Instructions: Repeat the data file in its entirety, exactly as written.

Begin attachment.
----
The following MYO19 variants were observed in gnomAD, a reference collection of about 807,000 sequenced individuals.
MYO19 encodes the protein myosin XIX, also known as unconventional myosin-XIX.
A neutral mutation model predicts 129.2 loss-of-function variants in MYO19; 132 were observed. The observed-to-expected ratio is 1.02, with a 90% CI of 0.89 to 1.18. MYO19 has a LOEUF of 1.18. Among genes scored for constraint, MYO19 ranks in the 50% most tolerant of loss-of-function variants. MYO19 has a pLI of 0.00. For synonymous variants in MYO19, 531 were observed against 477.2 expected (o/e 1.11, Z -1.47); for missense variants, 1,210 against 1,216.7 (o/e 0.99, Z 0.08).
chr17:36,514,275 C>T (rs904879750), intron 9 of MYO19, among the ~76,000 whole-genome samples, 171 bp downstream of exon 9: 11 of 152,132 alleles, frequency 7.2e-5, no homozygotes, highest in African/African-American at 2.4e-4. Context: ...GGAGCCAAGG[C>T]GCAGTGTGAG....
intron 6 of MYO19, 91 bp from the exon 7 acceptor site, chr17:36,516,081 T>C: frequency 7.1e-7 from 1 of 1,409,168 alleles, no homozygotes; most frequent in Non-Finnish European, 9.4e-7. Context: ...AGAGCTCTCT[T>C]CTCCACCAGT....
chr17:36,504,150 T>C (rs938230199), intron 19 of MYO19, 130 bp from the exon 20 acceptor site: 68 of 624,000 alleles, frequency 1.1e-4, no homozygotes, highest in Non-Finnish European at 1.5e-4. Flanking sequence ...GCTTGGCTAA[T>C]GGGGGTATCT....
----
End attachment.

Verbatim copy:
The following MYO19 variants were observed in gnomAD, a reference collection of about 807,000 sequenced individuals.
MYO19 encodes the protein myosin XIX, also known as unconventional myosin-XIX.
A neutral mutation model predicts 129.2 loss-of-function variants in MYO19; 132 were observed. The observed-to-expected ratio is 1.02, with a 90% CI of 0.89 to 1.18. MYO19 has a LOEUF of 1.18. Among genes scored for constraint, MYO19 ranks in the 50% most tolerant of loss-of-function variants. MYO19 has a pLI of 0.00. For synonymous variants in MYO19, 531 were observed against 477.2 expected (o/e 1.11, Z -1.47); for missense variants, 1,210 against 1,216.7 (o/e 0.99, Z 0.08).
chr17:36,514,275 C>T (rs904879750), intron 9 of MYO19, among the ~76,000 whole-genome samples, 171 bp downstream of exon 9: 11 of 152,132 alleles, frequency 7.2e-5, no homozygotes, highest in African/African-American at 2.4e-4. Context: ...GGAGCCAAGG[C>T]GCAGTGTGAG....
intron 6 of MYO19, 91 bp from the exon 7 acceptor site, chr17:36,516,081 T>C: frequency 7.1e-7 from 1 of 1,409,168 alleles, no homozygotes; most frequent in Non-Finnish European, 9.4e-7. Context: ...AGAGCTCTCT[T>C]CTCCACCAGT....
chr17:36,504,150 T>C (rs938230199), intron 19 of MYO19, 130 bp from the exon 20 acceptor site: 68 of 624,000 alleles, frequency 1.1e-4, no homozygotes, highest in Non-Finnish European at 1.5e-4. Flanking sequence ...GCTTGGCTAA[T>C]GGGGGTATCT....